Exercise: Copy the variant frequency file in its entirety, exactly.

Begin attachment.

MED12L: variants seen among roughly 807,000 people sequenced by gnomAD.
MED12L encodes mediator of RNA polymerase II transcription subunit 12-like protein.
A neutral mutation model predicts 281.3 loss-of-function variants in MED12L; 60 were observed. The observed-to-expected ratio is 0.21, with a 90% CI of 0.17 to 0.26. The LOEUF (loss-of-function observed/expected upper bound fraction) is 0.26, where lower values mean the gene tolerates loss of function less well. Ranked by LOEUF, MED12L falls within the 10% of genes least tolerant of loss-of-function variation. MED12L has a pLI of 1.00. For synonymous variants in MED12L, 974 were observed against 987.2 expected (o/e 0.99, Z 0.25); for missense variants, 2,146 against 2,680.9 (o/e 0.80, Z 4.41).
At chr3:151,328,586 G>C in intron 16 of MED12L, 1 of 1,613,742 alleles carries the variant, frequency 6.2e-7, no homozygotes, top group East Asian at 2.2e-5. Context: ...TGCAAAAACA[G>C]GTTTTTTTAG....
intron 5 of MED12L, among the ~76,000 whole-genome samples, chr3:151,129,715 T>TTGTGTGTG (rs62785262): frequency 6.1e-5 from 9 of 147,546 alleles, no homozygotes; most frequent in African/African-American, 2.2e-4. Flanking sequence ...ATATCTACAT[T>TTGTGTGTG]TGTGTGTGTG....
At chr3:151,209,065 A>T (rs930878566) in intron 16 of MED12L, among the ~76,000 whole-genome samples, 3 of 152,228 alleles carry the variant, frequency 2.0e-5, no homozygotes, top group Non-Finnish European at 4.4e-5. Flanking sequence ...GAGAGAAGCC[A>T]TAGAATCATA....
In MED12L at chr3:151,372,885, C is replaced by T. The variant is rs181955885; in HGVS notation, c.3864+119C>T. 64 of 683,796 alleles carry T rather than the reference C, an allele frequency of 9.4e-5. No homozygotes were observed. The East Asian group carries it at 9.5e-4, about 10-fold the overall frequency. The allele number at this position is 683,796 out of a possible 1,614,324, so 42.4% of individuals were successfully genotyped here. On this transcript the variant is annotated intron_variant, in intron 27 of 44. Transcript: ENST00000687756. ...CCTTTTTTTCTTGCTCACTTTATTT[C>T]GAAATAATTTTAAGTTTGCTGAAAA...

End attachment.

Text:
MED12L: variants seen among roughly 807,000 people sequenced by gnomAD.
MED12L encodes mediator of RNA polymerase II transcription subunit 12-like protein.
A neutral mutation model predicts 281.3 loss-of-function variants in MED12L; 60 were observed. The observed-to-expected ratio is 0.21, with a 90% CI of 0.17 to 0.26. The LOEUF (loss-of-function observed/expected upper bound fraction) is 0.26, where lower values mean the gene tolerates loss of function less well. Ranked by LOEUF, MED12L falls within the 10% of genes least tolerant of loss-of-function variation. MED12L has a pLI of 1.00. For synonymous variants in MED12L, 974 were observed against 987.2 expected (o/e 0.99, Z 0.25); for missense variants, 2,146 against 2,680.9 (o/e 0.80, Z 4.41).
At chr3:151,328,586 G>C in intron 16 of MED12L, 1 of 1,613,742 alleles carries the variant, frequency 6.2e-7, no homozygotes, top group East Asian at 2.2e-5. Context: ...TGCAAAAACA[G>C]GTTTTTTTAG....
intron 5 of MED12L, among the ~76,000 whole-genome samples, chr3:151,129,715 T>TTGTGTGTG (rs62785262): frequency 6.1e-5 from 9 of 147,546 alleles, no homozygotes; most frequent in African/African-American, 2.2e-4. Flanking sequence ...ATATCTACAT[T>TTGTGTGTG]TGTGTGTGTG....
At chr3:151,209,065 A>T (rs930878566) in intron 16 of MED12L, among the ~76,000 whole-genome samples, 3 of 152,228 alleles carry the variant, frequency 2.0e-5, no homozygotes, top group Non-Finnish European at 4.4e-5. Flanking sequence ...GAGAGAAGCC[A>T]TAGAATCATA....
In MED12L at chr3:151,372,885, C is replaced by T. The variant is rs181955885; in HGVS notation, c.3864+119C>T. 64 of 683,796 alleles carry T rather than the reference C, an allele frequency of 9.4e-5. No homozygotes were observed. The East Asian group carries it at 9.5e-4, about 10-fold the overall frequency. The allele number at this position is 683,796 out of a possible 1,614,324, so 42.4% of individuals were successfully genotyped here. On this transcript the variant is annotated intron_variant, in intron 27 of 44. Transcript: ENST00000687756. ...CCTTTTTTTCTTGCTCACTTTATTT[C>T]GAAATAATTTTAAGTTTGCTGAAAA...